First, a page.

How Does An Eddy Current Separator Create Eddy Currents?
Sep. 18, 2022
Eddy currents are also known as “Foucault current” in English. These are electrical currents that, using an eddy current separator, form a variation over time, cutting even the smallest non-ferrous metals.
The Principle And The Functioning Of The Eddy Currents
These are different electric currents that are created inside a so-called conductive mass. They can be created in two different ways: either through the displacement of the conductive mass inside a magnetic field. Either with the help of an external magnetic flux which induces a variation over time.
The result of these variations is the creation of vortices if the magnetic field is constant over time but spatially inhomogeneous and the conductive mass moves. The current name for the Eddy currents was chosen because the current Eddy lines are independent and look like vortices.
These vortices create a magnetic field, which can use high frequencies to move the current from the center of our conductor. If you add an electrical resistance, it becomes hot because of this effect.
How To Make An Eddy Current Separator?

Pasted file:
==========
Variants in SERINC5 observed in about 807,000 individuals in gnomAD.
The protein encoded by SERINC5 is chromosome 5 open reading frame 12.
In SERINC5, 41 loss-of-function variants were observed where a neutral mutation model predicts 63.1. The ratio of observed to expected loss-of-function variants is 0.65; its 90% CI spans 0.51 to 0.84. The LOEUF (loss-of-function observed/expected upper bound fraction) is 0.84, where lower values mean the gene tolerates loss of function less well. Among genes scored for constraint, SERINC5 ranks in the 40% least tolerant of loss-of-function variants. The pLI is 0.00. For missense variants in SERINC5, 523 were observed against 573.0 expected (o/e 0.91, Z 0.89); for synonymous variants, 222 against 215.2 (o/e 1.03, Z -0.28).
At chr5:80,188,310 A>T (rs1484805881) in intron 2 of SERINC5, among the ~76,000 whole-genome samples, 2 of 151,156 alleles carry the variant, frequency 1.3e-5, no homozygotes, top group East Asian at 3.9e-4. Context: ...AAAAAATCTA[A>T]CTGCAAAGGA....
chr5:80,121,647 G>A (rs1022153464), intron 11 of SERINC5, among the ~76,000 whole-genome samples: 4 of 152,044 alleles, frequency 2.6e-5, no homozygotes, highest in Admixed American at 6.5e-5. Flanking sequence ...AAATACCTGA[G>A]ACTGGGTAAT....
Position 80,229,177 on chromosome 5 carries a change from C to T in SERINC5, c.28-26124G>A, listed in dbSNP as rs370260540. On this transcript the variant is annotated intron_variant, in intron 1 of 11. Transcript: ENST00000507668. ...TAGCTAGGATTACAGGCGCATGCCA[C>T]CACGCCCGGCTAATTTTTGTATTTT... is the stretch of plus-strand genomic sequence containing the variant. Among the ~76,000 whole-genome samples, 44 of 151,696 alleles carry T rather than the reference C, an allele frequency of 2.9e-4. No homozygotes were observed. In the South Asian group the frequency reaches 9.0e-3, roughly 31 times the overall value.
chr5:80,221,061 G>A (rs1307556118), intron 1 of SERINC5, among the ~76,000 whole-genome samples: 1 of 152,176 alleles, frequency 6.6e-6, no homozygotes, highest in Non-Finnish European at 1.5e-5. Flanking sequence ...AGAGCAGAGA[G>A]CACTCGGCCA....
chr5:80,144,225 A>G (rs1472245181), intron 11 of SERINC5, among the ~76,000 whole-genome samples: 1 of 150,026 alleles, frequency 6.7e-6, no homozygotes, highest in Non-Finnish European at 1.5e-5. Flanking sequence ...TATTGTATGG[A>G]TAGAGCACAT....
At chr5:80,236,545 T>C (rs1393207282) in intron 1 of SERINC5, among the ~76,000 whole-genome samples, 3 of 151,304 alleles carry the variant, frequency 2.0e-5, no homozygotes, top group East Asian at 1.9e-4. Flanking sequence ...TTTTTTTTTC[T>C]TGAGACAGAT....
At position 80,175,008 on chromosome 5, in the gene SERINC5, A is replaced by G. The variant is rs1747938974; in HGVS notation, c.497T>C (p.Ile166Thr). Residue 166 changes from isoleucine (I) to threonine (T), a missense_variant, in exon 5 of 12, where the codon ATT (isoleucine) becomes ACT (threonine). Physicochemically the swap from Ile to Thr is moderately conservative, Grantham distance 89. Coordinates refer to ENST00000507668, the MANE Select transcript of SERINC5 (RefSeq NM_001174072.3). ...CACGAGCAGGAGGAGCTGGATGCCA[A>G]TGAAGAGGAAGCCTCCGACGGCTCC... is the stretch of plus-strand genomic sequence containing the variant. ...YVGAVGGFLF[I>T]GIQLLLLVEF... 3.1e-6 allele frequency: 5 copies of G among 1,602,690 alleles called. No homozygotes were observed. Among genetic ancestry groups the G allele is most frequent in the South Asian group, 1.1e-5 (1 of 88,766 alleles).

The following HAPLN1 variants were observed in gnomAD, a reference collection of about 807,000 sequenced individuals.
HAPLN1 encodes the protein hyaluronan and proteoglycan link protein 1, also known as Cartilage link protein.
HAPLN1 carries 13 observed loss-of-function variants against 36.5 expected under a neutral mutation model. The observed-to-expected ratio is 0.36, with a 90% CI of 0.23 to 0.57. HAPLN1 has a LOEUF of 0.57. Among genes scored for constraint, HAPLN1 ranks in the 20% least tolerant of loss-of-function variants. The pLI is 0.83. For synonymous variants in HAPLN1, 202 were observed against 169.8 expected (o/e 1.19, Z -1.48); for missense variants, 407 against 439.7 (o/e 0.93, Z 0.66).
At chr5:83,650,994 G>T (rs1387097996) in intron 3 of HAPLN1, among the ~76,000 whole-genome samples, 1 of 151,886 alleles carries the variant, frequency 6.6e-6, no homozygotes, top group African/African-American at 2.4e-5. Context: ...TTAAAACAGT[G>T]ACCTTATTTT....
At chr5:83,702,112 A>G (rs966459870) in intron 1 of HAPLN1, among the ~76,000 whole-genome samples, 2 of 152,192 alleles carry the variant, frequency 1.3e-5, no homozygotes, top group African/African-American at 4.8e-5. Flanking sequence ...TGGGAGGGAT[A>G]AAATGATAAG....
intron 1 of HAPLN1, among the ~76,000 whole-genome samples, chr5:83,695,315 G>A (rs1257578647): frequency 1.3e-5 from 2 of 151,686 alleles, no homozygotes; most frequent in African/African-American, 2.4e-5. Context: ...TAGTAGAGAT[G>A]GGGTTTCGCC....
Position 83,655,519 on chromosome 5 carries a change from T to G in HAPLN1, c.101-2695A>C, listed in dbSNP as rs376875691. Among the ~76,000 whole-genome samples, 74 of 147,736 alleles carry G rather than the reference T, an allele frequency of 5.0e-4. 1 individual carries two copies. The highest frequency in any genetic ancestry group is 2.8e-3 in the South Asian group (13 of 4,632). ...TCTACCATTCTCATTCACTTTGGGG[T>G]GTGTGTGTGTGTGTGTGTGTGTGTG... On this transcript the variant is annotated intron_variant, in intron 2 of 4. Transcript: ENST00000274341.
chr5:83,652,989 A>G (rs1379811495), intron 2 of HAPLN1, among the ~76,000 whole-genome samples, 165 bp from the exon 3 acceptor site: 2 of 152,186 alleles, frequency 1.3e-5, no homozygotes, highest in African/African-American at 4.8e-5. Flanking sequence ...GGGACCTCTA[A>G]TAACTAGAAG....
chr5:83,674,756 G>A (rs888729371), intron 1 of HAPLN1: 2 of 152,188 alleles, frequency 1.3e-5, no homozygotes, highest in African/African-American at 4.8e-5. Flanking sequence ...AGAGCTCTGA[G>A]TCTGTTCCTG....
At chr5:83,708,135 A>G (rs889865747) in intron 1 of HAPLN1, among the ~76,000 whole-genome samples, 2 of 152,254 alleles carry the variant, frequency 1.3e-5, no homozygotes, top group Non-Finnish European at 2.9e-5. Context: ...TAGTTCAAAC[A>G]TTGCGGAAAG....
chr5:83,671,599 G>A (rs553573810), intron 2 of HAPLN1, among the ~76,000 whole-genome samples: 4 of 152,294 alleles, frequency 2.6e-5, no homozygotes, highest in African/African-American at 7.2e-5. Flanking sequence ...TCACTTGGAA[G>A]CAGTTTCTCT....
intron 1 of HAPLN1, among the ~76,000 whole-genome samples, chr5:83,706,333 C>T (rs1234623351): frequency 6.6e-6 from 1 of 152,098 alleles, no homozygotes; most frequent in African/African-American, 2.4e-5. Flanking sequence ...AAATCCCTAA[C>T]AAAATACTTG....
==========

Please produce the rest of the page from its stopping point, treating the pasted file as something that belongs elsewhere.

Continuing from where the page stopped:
To form an eddy separator, you need a chain conveyor system and a magnetic rotor that is attached to the end of the conveyor belt and operates at high speed. In this way, an induction field can be created, which in turn produces a rapidly changing magnetic field. All electrically conductive particles, which are guided on this conveyor belt system, are briefly magnetized by the magnetic field and, therefore, are "cut" and sorted automatically. Non-ferrous metals, such as aluminum, brass, or copper, can be separated from the rest. In general, materials with a lower density and good electrical conductivity can be cut better with stray currents.
An eddy current separator’s design is based around a magnetic rotor that has alternating magnetic poles (north/south) which are continuously rotating within a non-metallic shell that is also rotating but at a slower pace. A urethane feed belt rotates at the same speed as the non-metallic outer shell, and this feed belt conveys material into the higher rotating speed magnetic field that the rotor generates. Here, non-ferrous metals become induced by magnetically-driven eddy currents. In the non-ferrous metal particle, the eddy currents generate an electric current. Then, the non-ferrous metal particle will produce its own magnetic field. This new magnetic field will then react with the rotor’s magnetic field, creating a repulsive effect that causes the conductive non-ferrous metal to be repelled and, therefore, separated from the original product stream.